They know the plight they are in, for half a century, and they know
there is no immediate escape from it either. Such is Castro's grip on
power, and that is how a decadent ideology chains its people. But, as
good Communists everywhere did somewhat well, Castro banished poverty
from his land, almost. He has made sure that no one dies of hunger in
his country, as is happening in democracies like India or Bangladesh.
There are no slums. And there is no begging on the streets. Cubans have
passed that stage in human history, thanks to Castro of course. Castro's
government takes care of the basic food requirements of the people.
That Cuba has its own TV should not come as a surprise. It may be a
luxury under Communism, but it serves a purpose from the government's
point of view. It projects what Castro wants to project, and rejects
what Castro hates or is not capable of providing to his people. Its
programmes run for a couple of hours a day lest it should be a
capitalist luxury. And it shows only the bad things that are happening
around the world - an accident here, a bombing there, some crimes
somewhere, and poverty everywhere. TV anchormen would say, see, how Cuba
is the best. Satellite televisions are banned, and so Cubans do not know
there is a different kind of life outside Cuba, or how the new century
is vastly different from the last century. And, no radio, other than
short wave. Neither BBC nor Voice of America can reach up to the shores
of Cuba; they're blocked by the government. Listen only to the
propaganda machine oiled by Castro and Co.
In a country where development hesitates to step in, it is no wonder
Cubans do not know what a laptop computer means. But, the interesting
thing is that Castro has realised the importance of tourism, though the
realisation dawned on him quite late. Nature has bestowed Cuba with its
bountiful charms. Properly developed, it can be a paradise for tourists,
but the infrastructure remains weak. When tourists come in, their
pockets filled with money, they have access to luxury hotels, which are
nice, well maintained, clean, and serving good food. But, Cubans are
banned entry to any of these hotels. Castro has the good sense to know
that if they see good life, they would rather ask for it. It is a human
tendency. And, Castro will have to throw his hands up.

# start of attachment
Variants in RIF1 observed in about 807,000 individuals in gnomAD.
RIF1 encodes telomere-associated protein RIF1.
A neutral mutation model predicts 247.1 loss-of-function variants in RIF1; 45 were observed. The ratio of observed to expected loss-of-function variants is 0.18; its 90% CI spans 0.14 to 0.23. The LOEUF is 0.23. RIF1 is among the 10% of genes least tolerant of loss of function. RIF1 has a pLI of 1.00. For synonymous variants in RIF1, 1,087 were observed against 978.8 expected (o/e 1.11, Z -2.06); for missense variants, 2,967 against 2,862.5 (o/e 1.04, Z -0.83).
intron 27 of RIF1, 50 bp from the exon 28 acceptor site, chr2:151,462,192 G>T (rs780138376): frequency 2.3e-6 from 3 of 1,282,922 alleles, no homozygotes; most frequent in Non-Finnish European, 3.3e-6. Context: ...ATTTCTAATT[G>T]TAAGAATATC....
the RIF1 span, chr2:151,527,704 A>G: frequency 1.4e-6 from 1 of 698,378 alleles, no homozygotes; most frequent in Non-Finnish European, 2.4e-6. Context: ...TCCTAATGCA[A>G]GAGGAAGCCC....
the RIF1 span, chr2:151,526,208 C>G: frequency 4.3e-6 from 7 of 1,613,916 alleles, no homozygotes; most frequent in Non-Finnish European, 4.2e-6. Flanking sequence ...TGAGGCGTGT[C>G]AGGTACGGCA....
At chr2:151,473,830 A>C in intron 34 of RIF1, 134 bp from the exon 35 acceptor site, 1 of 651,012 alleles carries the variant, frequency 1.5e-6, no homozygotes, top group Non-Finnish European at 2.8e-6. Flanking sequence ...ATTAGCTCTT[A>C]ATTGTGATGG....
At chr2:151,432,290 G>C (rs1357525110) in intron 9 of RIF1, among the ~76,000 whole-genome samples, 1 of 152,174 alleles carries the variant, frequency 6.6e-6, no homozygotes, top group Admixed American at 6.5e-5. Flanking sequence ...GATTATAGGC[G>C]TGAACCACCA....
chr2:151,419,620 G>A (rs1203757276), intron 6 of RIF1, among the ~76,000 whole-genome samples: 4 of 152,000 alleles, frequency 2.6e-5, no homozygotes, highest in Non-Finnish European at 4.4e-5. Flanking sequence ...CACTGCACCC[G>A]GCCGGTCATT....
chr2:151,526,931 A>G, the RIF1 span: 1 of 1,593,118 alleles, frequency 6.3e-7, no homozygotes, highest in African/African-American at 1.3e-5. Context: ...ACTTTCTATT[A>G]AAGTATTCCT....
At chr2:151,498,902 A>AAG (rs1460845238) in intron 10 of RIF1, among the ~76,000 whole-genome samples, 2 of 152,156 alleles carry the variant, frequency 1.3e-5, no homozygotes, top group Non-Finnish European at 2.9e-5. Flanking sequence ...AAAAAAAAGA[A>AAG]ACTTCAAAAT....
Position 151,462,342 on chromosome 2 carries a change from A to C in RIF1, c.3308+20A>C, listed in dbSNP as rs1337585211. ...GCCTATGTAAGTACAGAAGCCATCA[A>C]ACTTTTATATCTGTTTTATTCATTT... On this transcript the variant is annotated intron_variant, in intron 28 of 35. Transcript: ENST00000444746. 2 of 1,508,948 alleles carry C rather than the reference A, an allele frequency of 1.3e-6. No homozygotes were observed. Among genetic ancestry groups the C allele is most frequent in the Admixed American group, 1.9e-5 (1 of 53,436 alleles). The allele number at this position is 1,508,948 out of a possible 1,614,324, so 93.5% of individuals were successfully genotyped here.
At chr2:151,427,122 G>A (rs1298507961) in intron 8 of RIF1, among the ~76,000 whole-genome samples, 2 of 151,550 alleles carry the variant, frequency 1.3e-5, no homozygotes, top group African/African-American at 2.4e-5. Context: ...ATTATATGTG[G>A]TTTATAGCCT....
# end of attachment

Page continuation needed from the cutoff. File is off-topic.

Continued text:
It could be that Cubans are gripped by a sense of fear. There is no
freedom of expression. No way to hold a gathering, as assembly is
banned. And who knows how many are behind the bars for speaking their
minds out, may be by way of a murmur, or perhaps in small circles of
friends. Holding a gathering, or an assembly of five or more, would mean
25 years in jail.
In Castro's land, there is also no way one can own a private business.
It is taboo under Castro's Communism. Communism of the old days used to
frown upon individual enterprise. But this is the age of enterprise.
Without enterprise how can a nation develop? China learned it, and gave
a short shrift to ideology, embraced some of the good aspects of
capitalism, and wedded them into its Maoist principles. But others like
Castro didn't see reason yet. And, perhaps that is what sounded the
death knell for Communism around the world.
Considering Cuba's size and natural wealth, its total population in the
range of 12 million is manageable. It is the largest producer of sugar
in the world. Tobacco, that gave fame to Cuba as the land of Cigars, is
the second largest crop, fetching good money. It has mineral wealth in
the form of nickel deposits, copper, chromites and manganese. If
industry flourished, Cubans would have been in a different, affluent
league long ago.
Many years ago, Cuban farmers had made money from their mango, orange
and vegetable farms. But, under Castro, those lands were turned into
sugarcane fields. He gave sugar to USSR and got oil instead. Now, with
USSR having been disintegrated, and not many orders coming in from there
for Cuba's sugar, what will Castro do with the sugar fields? All other
plantations had been razed to the ground, and how many years it takes to
plant new trees and get them to bear fruits?
Cuba's famous Havana beach faces the United States, though separated by
the Gulf of Mexico, alongside the North Atlantic Ocean. Once these
beaches prided it for hosting the best Casino resorts, where Americans
came in and spent their money. But, when Castro came and overthrew a
dictatorial president, in 1959, came under the influence of the USSR and
embraced Communism, casinos became a thing of the past.
The Commerce Ministry officials have an easy answer why Cuba doesn't try
to get the Americans to withdraw the sanctions? Can't Cuba make peace
with the US? "How? Americans want Cuba to be another of their states. We
are an independent country, and want to remain so. We cannot compromise
on our sovereignty. So (there is) no way (for us to have a patch-up
leading to a lifting of sanctions)", they say.
Cuba is a case study for those who research into how a country shouldn't
be governed; and how life can be dull with state controls. In a land
where everything is rationed, and queues are a common sight because
there is a shortage for everything, it might interest you to know that
it takes three hours of standing in a queue to get a scoop of ice cream
in tourism-friendly Havana's streets.
José F. Sánchez
La Nueva Cuba
August 18, 2004